What is Ockham’s Beard?
Entia non sunt multiplicanda praeter necessitatem
“Entities must not be multiplied beyond necessity.” Or “the simplest explanation is often the best.” Or just ‘Ockham’s Razor,’ named after the 14th century Franciscan monk who posited the notion, William of Ockham.
But Ockham’s Razor also speaks to the necessity of Ockham’s Beard: that which needs to be trimmed, the multiplicanda of ideas, theories, abstractions and philosophies that populate contemporary discourse. And while Ockham’s Razor is intuitively appealing, it’s only such because of the existence of Ockham’s Beard – and our intuitive propensity to postulate more entities than we really need.
But Ockham’s Beard also hints at a deeper insight: that any explanation, theory or even any string of propositions will necessarily have been abstracted from concrete reality. And in the process of abstraction, some detail, some subtle essence of the concrete is inevitably shaved away. So no abstract explanation can ever perfectly represent the concrete world, the noumenal world.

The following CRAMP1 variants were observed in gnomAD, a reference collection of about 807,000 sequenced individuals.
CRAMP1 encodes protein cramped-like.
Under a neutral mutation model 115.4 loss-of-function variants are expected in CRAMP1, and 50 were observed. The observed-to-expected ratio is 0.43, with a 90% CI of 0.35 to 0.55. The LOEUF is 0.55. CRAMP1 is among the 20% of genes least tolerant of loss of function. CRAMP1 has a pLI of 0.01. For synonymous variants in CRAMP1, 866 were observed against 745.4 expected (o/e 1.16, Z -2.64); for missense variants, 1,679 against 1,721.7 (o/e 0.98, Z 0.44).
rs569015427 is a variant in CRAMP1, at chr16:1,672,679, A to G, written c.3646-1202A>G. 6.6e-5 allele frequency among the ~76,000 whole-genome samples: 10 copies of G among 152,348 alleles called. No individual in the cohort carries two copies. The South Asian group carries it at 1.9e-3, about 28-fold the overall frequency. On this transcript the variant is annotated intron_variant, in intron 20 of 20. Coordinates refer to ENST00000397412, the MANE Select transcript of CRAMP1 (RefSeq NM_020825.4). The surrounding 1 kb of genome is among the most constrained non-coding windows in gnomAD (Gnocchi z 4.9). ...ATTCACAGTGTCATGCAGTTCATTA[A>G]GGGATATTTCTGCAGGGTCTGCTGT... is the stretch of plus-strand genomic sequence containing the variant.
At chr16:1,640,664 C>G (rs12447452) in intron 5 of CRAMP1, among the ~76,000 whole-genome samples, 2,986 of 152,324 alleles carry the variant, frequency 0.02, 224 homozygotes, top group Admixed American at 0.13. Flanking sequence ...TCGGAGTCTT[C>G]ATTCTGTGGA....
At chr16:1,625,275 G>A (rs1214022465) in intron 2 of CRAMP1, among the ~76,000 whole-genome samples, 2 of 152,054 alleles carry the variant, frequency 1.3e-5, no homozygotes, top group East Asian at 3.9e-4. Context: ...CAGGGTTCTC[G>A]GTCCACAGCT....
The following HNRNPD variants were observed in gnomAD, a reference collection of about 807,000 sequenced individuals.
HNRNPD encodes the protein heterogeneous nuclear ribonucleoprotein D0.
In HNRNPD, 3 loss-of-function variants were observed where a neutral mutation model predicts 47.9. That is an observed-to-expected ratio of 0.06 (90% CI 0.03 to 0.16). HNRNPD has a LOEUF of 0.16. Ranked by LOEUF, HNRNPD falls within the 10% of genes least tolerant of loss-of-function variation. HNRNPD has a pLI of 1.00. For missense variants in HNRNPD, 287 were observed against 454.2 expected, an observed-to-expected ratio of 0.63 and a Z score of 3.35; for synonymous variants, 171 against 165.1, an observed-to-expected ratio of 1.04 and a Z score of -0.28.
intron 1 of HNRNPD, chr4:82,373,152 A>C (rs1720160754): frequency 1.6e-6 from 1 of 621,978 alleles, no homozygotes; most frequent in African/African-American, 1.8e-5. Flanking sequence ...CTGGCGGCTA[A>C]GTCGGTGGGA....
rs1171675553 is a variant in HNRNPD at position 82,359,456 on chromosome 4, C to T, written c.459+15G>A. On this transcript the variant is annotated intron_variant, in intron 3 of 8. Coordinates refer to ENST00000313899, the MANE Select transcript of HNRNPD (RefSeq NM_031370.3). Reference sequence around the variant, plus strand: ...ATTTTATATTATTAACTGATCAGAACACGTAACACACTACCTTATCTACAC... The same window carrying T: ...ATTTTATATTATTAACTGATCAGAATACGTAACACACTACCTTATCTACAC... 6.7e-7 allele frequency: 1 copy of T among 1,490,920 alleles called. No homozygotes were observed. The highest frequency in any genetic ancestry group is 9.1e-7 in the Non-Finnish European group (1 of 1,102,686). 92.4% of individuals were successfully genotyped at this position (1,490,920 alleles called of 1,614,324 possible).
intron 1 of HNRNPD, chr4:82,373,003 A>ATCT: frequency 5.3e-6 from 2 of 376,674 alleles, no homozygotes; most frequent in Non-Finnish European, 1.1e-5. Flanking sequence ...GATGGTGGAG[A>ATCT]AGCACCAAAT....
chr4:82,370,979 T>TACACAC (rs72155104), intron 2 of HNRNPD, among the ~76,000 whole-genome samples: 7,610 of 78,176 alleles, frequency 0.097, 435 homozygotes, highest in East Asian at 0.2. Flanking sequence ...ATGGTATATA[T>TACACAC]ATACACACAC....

Thus, the simplest explanation might often be the best, but it’ll never be perfect.
His research looks at morality through the lens of evolution, specifically how a strangely social ape came to build on its altruistic tendencies to invent a cultural technology aimed at facilitating massively social and cooperative behaviour – and why evolution can also explain why we all disagree so damn much about the right way to live.
Tim is also an award winning science and technology writer, a former editor of Australian Life Scientist, Cosmos and PC Authority magazines. His writing has appeared in New Philosopher, New Scientist, Popular Science, Cosmos, The Conversation, The Drum, G Magazine, The Sydney Morning Herald, on ABC Radio National and numerous other outlets. You can contact Tim here to chat or to commission him for work, or follow him on Twitter here.